The Taipei Times headline says it all: US wary of warmer Taiwan-China ties. Charles Synder in Washington tells the tale:

Some US officials fear that under Ma Ying-jeou’s (馬英九) presidency, the Chinese Nationalist Party (KMT) might swing far enough toward China that it could affect US interests in Taiwan and damage US interests in the region, a new congressional report indicates.

This, despite the fact that Ma has said he will place a high priority on repairing strained Taiwan-US ties that accompanied President Chen Shui-bian’s ( 陳水扁) last few years in the presidency, the report, an internal memo to congressmen from the Congressional Research Service (CRS) says.

The report, dated Wednesday, analyzes last month’s presidential election and Ma’s landslide victory and its likely impact on Taiwan’s domestic situation and relations with Washington and Beijing.

Based on conversations with US officials while the author, Kerry Dumbaugh, was in Taiwan to observe the election and other sources, the report says: “Some observers in the past have expressed concern that the United States may have underestimated the importance of the sea change in KMT thinking that arose from the visits to the PRC by senior KMT officials beginning in 2005.”

I’ve been saying that Ma is going to hurt US security interests, as have conservatives who are China hawks — but the report focuses less on this issue than the Taipei Times lead would have you believe. The summary:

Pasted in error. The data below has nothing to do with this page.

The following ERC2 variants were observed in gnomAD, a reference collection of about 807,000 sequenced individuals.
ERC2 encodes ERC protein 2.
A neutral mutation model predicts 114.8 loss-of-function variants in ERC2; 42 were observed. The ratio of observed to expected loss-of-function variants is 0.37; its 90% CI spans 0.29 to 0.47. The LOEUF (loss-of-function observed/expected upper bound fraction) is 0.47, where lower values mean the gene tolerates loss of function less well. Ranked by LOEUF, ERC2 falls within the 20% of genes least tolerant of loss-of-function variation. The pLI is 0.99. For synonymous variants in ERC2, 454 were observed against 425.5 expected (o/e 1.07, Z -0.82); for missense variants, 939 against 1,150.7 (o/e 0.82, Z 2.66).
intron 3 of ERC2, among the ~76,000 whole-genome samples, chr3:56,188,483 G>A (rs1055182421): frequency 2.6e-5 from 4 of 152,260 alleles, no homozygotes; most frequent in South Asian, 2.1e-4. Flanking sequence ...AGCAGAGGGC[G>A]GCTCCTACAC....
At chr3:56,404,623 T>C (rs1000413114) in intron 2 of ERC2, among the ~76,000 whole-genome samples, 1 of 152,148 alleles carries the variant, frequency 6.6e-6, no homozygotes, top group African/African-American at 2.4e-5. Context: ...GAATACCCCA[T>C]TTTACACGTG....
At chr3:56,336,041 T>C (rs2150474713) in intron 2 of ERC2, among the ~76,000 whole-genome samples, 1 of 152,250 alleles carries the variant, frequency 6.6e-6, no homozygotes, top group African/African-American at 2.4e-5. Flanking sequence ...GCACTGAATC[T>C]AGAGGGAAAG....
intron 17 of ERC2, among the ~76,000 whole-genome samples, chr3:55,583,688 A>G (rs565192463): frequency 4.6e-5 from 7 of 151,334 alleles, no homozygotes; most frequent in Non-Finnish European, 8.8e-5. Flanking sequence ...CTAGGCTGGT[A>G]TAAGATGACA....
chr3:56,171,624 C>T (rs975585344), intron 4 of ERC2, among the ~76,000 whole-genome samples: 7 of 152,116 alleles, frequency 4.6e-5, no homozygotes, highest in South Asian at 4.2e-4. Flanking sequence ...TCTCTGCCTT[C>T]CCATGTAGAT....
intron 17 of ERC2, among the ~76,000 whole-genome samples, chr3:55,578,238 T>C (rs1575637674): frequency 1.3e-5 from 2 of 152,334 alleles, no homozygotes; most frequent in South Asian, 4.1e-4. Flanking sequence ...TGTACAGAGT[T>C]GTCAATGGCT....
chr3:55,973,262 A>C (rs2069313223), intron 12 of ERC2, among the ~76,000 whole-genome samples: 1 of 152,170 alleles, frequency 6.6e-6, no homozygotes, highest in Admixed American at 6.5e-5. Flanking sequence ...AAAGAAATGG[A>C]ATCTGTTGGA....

In a large turnout on March 22, 2008, voters in Taiwan elected as president Mr. Ma Ying-jeou of the Nationalist (KMT) Party. Mr. Ma out-polled rival candidate Frank Hsieh, of the pro-independence Democratic Progressive Party (DPP), by a 2.2 million vote margin of 58% to 42%. Coming on the heels of the KMT’s sweeping victory in January’s legislative elections, the result appears to be a further repudiation of DPP leader and Taiwan President Chen Shui-bian’s eight-year record of emphasizing a pro-independence political agenda at the expense of economic issues. President-elect Ma,who will begin his tenure on May 20, 2008, has promised to improve Taiwan’s economic performance, to improve Taiwan’s damaged relations with the People’s Republic of China (PRC), and to address any annoyances in Taiwan-U.S. relations arising from the Chen Administration. This report will not be updated.

You can see that Dumbaugh’s construction of the election simply echoes the KMT line: Chen “emphasized independence at the expense of economics” which is nothing more than a KMT talking point. Further down, in the key paragraphs at the end on the implications of the election for the US, Dumbaugh says: